Understanding the body’s response to aspirin
28 April 2016
University scientists have made an important breakthrough in understanding how different individuals respond to aspirin.
This is significant because aspirin is a widely used cardiovascular preventive drug and also has an emerging role in cancer treatment and prevention.
Understanding how people respond to aspirin is key in terms of knowing who will benefit from it.
The research, led by Professor Valerie O’Donnell from the University’s Systems Immunity Research Institute showed for the first time that there is a direct link between energy generation and fast changes in the levels of cellular lipids (fats), in specialised blood cells called platelets that are essential for blood clotting.
“Our research shows a new link between energy metabolism and inflammation as well as giving early insights into the fundamentals of precision medicine regarding the variation of the lipidome among individuals,” said Professor O’Donnell.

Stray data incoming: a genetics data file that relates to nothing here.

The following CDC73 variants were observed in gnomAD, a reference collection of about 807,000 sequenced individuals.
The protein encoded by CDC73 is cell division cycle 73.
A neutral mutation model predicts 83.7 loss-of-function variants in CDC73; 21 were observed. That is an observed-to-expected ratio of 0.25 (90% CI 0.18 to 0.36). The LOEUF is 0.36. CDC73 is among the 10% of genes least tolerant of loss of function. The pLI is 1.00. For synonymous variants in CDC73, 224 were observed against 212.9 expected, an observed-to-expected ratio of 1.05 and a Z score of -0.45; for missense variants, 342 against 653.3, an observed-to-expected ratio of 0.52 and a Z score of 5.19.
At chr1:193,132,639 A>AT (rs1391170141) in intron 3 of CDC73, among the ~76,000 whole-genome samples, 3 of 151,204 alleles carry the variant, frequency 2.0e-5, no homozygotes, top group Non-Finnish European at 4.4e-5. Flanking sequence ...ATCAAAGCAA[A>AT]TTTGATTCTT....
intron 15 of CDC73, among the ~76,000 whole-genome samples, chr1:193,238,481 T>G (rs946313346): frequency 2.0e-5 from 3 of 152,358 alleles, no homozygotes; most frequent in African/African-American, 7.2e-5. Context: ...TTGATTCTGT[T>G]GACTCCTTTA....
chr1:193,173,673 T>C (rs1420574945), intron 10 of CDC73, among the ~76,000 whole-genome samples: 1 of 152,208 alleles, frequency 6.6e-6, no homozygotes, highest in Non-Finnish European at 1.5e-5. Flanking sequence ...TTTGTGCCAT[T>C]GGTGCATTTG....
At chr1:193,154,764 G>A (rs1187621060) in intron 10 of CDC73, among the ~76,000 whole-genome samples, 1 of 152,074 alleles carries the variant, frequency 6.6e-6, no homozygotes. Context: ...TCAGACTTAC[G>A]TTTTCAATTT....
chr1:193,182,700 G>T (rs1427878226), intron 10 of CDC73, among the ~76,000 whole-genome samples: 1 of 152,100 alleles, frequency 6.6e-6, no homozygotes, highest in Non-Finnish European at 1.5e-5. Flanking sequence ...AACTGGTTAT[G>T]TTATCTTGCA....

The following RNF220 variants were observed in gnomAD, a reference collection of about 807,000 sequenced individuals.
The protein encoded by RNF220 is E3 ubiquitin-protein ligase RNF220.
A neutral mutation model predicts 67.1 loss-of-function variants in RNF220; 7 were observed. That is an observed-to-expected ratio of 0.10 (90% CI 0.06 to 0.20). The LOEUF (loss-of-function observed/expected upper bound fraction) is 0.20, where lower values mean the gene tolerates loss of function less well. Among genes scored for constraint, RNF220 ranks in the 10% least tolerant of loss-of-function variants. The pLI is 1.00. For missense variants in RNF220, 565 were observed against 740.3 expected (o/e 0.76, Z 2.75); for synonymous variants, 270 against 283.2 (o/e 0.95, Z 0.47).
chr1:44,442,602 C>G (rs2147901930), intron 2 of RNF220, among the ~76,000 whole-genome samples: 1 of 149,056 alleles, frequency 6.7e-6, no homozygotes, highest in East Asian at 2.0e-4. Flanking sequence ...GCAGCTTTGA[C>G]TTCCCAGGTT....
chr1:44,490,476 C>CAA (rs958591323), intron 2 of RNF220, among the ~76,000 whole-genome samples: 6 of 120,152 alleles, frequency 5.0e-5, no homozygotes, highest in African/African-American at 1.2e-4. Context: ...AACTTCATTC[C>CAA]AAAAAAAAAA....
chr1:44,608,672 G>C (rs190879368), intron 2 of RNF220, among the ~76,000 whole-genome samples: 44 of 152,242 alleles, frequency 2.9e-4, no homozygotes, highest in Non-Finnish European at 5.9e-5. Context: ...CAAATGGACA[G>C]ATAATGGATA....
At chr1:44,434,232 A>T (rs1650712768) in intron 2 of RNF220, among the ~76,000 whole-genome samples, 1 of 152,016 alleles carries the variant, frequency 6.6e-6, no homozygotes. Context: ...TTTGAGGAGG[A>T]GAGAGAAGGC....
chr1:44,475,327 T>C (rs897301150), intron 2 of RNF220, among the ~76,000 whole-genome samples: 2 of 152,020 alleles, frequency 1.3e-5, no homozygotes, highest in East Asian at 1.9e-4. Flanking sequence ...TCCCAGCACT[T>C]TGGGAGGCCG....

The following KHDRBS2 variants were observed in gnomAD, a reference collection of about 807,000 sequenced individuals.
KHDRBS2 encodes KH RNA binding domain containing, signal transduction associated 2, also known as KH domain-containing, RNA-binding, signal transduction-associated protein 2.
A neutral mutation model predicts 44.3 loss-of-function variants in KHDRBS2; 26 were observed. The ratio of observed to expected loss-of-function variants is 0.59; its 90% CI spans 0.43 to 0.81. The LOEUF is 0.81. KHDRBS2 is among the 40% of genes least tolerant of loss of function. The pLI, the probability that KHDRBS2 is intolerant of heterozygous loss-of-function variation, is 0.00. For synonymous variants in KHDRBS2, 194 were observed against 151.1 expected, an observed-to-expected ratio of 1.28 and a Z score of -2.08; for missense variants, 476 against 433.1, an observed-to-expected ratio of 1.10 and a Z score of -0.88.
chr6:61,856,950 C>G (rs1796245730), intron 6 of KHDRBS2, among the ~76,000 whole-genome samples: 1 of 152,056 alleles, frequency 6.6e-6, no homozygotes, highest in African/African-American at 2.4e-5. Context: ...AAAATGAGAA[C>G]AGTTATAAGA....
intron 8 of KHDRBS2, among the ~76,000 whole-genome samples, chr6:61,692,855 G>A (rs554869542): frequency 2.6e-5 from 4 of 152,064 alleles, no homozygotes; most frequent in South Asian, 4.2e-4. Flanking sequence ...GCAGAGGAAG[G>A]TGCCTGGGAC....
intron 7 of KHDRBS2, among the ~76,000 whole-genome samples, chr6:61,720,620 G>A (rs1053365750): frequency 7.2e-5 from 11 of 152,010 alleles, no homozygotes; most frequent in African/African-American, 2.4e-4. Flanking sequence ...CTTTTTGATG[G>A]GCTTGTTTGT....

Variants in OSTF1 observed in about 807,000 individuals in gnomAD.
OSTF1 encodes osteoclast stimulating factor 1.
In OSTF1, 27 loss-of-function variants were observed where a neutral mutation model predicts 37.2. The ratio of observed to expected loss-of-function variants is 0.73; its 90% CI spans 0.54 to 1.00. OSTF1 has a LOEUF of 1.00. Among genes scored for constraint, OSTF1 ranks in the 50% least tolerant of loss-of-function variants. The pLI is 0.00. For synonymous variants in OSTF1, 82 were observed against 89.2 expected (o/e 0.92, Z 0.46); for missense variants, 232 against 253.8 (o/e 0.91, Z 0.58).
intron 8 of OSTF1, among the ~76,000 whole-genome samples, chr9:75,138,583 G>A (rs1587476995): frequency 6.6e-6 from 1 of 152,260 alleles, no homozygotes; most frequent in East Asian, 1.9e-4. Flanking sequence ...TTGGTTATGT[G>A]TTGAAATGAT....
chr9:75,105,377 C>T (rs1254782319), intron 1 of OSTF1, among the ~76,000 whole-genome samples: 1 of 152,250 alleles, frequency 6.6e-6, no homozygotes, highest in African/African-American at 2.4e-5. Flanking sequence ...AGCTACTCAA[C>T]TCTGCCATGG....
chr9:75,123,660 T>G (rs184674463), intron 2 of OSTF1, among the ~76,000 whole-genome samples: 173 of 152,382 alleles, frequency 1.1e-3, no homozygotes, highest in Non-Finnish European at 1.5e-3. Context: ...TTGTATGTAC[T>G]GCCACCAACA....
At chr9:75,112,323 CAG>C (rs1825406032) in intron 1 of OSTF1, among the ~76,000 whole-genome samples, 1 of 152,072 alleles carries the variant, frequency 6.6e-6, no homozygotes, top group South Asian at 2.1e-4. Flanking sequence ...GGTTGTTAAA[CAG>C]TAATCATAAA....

The research, which also involved Professor Victor Darley-Usmar, Director of the University of Alabama at Birmingham Mitochondrial Medicine Laboratory, and Professor Robert Murphy in the Department of Pharmacology, University of Colorado Denver, USA, found more than 5,600 lipids in platelets and worked out the donor variation with aspirin treatment of a subset that are generated when the cells are inflammatory activated.
Published in the journal Cell Metabolism, the research is the first comprehensive lipidomic profile of human platelets in response to stimulation and aspirin treatment.
Professor Mike Murphy, Medical Research Council Mitochondrial Biology Unit, Cambridge, said: “This work led by Professor O’Donnell is a technical tour de force, providing a wonderful resource for other biomedical researchers. A particularly important aspect is the focus on platelets, which are readily available from patients’ blood in diagnosis, prognosis or as a biomarker in assessing therapies.
“In addition to its future use, this work also demonstrated an unexpected link between mitochondrial fat metabolism and platelet activation during inflammation.”
The research was funded by the European Research Council and Wellcome Trust.